A foreign national must, before entering Canada, apply to an officer for a visa or for any other document required by the regulations. The visa or document may be issued if, following an examination, the officer is satisfied that the foreign national is not inadmissible and meets the requirements of this Act.
There is a significant difference between the words “shall” and “may”. It opens up a huge opportunity for discretion and the operation of the minister's own biases. It is a real attack on the kinds of transparency and guarantees that exist in the current legislation, guarantees for the appropriate processing of applications that were fought for long and hard over many years.
Mr. Kurland further points out that the use of the word “shall” in IRPA's section 11.(1) gave all visitors, foreign students, foreign workers and applicants for permanent residence the right to a visa when they met the preconditions for visa issuance.
He notes that the use of the word “may” in the government's proposed change to IRPA's section 11.(1) takes away those rights. All visitors, students and foreign workers and applicants for permanent residence no longer will have the right to a visa, even when they qualify for the visa by meeting the required preconditions for visa issuance or renewal of their status.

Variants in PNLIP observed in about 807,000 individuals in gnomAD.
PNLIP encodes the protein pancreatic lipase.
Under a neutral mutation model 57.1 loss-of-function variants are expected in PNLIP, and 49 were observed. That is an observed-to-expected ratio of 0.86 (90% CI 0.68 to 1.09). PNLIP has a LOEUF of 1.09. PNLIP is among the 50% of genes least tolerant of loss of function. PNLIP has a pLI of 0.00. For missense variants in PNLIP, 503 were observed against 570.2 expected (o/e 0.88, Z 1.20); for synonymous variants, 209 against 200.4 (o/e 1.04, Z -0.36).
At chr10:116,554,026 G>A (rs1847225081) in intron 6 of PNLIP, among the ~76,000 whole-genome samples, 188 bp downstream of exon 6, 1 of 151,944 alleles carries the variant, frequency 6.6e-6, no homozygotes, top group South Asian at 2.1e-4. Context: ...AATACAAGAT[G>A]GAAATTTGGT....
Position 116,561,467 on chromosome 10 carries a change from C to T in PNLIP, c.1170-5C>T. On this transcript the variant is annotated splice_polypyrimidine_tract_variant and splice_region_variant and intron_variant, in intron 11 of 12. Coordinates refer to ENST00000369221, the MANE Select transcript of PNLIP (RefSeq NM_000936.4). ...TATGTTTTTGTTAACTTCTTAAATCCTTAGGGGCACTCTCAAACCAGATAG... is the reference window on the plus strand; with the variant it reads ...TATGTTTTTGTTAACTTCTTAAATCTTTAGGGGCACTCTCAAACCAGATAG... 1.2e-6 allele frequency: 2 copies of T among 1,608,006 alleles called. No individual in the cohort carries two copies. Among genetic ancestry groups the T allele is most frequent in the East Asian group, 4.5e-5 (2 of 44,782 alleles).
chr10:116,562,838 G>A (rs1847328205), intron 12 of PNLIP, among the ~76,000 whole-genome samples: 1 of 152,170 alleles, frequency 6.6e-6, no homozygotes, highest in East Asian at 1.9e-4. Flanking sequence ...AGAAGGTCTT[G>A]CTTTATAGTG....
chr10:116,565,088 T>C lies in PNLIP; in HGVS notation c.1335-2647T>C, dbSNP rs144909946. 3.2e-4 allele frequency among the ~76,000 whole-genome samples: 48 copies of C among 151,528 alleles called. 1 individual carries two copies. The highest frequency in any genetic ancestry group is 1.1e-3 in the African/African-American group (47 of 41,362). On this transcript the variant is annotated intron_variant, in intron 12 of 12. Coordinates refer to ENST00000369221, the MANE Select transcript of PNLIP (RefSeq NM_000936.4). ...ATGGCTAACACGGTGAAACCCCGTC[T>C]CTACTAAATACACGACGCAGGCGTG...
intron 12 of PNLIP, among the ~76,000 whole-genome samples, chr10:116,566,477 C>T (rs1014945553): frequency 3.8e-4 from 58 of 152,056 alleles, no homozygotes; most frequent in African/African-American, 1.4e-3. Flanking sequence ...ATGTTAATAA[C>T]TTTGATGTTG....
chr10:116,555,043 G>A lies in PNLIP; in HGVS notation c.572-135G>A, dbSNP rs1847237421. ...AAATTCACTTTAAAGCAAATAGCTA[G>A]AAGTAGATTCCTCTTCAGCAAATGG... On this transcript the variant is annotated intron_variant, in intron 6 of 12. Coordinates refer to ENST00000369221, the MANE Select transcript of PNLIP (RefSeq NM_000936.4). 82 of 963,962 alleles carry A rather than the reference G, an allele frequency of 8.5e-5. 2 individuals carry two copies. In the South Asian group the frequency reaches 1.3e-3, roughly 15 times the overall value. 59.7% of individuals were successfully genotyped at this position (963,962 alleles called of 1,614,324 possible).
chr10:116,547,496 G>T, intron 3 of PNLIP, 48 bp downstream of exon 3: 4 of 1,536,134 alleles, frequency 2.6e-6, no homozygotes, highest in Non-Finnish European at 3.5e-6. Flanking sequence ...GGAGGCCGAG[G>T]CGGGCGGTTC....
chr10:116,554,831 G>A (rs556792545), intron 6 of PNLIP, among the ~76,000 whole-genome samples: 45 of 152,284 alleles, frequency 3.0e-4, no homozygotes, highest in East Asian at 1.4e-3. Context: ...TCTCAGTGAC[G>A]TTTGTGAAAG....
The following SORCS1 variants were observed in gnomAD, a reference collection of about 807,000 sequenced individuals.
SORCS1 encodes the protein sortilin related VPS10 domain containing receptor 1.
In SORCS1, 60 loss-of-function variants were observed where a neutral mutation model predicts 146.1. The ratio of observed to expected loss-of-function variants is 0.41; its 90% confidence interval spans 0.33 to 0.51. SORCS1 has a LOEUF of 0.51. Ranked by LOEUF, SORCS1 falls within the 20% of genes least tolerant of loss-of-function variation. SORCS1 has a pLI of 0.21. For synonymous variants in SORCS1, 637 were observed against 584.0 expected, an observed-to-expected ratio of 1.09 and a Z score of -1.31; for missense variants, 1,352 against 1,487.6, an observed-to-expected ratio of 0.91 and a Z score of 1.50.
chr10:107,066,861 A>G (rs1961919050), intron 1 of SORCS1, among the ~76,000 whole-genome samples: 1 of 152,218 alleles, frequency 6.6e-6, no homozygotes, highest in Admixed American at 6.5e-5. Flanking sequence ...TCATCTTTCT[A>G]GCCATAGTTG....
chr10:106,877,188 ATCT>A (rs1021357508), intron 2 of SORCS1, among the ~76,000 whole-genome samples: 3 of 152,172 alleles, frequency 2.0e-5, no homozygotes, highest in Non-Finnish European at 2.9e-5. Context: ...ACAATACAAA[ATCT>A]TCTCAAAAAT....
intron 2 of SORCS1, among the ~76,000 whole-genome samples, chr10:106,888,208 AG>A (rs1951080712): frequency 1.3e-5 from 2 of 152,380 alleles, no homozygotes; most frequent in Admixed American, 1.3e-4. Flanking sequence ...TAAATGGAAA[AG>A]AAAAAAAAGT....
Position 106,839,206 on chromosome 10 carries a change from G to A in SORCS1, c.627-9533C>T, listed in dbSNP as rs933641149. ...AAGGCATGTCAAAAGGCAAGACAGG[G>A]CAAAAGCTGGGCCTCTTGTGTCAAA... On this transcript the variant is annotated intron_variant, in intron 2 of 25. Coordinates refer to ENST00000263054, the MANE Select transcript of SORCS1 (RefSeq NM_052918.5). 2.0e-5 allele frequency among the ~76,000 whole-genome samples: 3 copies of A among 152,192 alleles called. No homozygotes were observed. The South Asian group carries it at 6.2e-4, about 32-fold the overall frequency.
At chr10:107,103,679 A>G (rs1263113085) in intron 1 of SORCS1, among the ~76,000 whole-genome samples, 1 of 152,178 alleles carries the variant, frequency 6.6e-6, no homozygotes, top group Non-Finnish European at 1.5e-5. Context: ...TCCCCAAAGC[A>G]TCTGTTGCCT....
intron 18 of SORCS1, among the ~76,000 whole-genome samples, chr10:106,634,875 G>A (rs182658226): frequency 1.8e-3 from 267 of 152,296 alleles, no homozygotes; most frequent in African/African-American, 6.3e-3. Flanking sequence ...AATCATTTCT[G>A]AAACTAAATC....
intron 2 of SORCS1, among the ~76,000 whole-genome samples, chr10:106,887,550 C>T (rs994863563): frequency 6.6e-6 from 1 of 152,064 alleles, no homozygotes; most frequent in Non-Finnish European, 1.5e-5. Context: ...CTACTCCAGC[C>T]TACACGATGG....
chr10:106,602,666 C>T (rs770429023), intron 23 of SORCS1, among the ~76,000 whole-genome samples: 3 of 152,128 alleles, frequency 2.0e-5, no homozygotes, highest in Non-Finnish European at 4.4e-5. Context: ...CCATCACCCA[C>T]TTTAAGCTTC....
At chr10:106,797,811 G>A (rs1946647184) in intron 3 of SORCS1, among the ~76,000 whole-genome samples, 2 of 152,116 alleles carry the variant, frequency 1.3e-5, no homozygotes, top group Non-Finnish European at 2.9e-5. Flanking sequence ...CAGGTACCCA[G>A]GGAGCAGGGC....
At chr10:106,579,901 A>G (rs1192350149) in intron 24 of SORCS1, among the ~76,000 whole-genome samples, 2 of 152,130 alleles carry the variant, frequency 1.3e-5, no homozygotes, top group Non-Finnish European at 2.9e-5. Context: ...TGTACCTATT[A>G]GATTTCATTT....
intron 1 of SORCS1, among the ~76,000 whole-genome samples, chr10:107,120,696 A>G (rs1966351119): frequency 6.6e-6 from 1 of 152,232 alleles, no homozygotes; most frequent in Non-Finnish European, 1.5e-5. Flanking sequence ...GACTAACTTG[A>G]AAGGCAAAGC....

Mr. Kurland additionally points out that under this proposal, applications for visas do not have to be accepted, applications for visas that are accepted do not have to be processed, applications for visas that are processed do not have to be given visas even when the person meets all the requisite conditions to the visa issuance, and applications for visas with the supporting materials and documents may be disposed of at any time.
Surely, those are all important compromises to the kinds of transparency and guarantees that have existed recently and that were fought so long and hard for in the current Immigration and Refugee Protection Act, and the addition of that kind of discretion to the minister or the department is a huge step backward in ensuring the appropriate processing of immigration applications.
The whole question of what this does to family reunification is a key one in all of this. It is something that we need to highlight when we are looking at the effects of current Conservative government policy when it comes to citizenship and immigration.
Mr. Speaker, I look forward to resuming my speech.